Predicting Biomass and Yield in a Tomato Phenotyping Experiment Using UAV Imagery and Random Forest

by k. Johansen, M.J.L. Morton, Y. Malbéteau, B. Aragon, Al-Mashharawi SK, M.G. Ziliani, Y. Angel, G. Fiene, S. Negrao, M. A. A. Mousa, M. A. Tester, M.F. McCabe
Year: 2020 DOI: 10.3389/frai.2020.00028

Extra Information

Frontiers in Artificial Intelligence, (2020)


​Biomass and yield are important variables used for assessing agricultural production and performance. However, these variables are difficult to predict for individual plants at the farm scale, and prediction models and accuracies may be affected by abiotic stresses such as salinity. In this study, a diversity panel of the wild tomato species, Solanum pimpinellifolium, was evaluated through field- and unmanned aerial vehicle (UAV) based assessment of 600 control and 600 salt-treated plants. The aim of this research was to determine if red-green-blue (RGB) UAV-based imagery, collected one, two, four, six, seven and eight weeks before harvest could predict fresh shoot mass, tomato fruit numbers, and yield mass at harvest, and if prediction accuracies varied between control and salt-treated plants. Multi-spectral UAV-based imagery was also collected one and two weeks prior to harvest for comparison with the RGB imagery. A random forest machine learning approach was used to model biomass and yield. The results showed that shape features such as plant area, border length, width and length had the highest importance in the random forest models, followed by vegetation indices and the entropy texture measure. The highest explained variances of 87.95%, 63.88% and 66.51% were achieved using multi-spectral UAV imagery two weeks prior to harvest for fresh shoot mass, fruit numbers and yield mass per plant, respectively. The RGB UAV imagery produced very similar results to those of the multi-spectral UAV imagery, with the explained variance reducing as a function of increasing time to harvest. Higher accuracies were achieved with separate models for predicting yield of salt-stressed plants, whereas the prediction of yield for control plants was less affected if the model included salt-stressed plants. This research demonstrates that it is feasible to predict the average biomass and yield up to eight weeks prior to harvest within 4.23% of field-based measurements, and at the individual plant level up to four weeks prior to harvest. Results from this work may be useful in providing guidance for yield forecasting of healthy and salt-stressed tomato plants, which in turn may inform growing practices, logistical planning and sales operations.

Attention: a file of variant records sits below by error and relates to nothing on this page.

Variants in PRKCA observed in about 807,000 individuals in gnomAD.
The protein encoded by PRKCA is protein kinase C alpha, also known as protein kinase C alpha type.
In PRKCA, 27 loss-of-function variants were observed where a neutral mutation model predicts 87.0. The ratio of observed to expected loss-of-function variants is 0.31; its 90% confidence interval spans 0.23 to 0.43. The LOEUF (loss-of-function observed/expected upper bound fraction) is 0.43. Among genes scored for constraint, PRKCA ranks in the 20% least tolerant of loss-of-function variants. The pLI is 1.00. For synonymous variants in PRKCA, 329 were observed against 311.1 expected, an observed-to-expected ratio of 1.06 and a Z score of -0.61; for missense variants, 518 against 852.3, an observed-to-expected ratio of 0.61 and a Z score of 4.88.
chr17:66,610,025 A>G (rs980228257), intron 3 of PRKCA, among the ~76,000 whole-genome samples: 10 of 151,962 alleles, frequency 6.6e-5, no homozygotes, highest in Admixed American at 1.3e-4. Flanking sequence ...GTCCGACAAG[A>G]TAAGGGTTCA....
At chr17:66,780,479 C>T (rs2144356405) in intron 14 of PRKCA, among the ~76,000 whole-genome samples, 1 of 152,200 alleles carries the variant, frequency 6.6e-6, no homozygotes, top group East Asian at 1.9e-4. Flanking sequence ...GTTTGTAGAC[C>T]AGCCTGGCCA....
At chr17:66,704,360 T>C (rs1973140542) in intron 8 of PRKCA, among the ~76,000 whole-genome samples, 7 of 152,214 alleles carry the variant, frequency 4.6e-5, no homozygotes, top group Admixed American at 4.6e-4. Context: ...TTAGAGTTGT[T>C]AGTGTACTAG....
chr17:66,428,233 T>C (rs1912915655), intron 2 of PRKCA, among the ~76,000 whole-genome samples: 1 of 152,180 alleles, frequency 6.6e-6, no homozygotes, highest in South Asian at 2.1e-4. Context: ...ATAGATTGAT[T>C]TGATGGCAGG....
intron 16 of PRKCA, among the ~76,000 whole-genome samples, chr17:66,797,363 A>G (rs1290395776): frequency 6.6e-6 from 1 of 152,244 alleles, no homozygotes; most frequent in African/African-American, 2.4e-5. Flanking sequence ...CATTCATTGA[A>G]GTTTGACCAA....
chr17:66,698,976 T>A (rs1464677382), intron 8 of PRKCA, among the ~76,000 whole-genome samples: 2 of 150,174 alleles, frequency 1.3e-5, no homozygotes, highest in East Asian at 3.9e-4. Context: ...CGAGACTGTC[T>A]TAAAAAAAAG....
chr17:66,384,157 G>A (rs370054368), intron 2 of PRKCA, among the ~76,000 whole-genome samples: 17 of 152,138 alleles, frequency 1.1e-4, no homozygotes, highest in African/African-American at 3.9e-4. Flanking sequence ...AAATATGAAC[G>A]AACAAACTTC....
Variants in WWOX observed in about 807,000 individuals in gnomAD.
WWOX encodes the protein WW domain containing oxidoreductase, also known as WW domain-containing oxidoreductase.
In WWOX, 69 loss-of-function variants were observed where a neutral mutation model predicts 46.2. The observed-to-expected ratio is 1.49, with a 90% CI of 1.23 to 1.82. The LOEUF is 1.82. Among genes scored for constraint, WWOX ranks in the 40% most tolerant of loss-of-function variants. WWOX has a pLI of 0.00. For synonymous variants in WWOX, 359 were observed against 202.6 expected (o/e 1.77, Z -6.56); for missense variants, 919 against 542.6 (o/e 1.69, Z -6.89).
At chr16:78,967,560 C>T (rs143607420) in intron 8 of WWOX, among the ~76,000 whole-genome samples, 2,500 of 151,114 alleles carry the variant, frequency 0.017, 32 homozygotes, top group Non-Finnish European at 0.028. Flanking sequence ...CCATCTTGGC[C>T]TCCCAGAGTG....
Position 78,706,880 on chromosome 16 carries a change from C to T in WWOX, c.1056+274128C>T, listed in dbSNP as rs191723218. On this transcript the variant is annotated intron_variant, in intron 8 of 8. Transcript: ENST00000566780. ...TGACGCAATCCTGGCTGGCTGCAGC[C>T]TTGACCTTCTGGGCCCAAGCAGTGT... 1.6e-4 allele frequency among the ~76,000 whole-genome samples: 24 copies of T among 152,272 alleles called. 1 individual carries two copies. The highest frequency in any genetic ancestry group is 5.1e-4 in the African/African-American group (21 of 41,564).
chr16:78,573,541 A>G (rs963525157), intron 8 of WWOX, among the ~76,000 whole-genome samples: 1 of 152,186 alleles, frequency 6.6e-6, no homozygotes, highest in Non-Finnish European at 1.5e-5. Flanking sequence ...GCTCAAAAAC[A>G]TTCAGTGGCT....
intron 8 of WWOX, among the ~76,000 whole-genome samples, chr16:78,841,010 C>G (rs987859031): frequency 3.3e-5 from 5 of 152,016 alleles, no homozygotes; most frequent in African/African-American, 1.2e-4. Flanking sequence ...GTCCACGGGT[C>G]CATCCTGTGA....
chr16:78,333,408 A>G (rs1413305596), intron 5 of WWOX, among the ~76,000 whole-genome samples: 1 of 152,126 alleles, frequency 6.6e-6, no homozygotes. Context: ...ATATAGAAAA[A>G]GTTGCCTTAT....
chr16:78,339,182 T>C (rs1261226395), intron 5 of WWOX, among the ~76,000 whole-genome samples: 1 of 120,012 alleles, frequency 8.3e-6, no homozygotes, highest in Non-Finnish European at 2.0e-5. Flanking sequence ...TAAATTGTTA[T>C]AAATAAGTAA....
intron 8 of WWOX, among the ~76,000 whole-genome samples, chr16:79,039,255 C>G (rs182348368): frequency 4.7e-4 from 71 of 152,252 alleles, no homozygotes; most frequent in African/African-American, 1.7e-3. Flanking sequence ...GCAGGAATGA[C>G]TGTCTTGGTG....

biomass UAV Random forest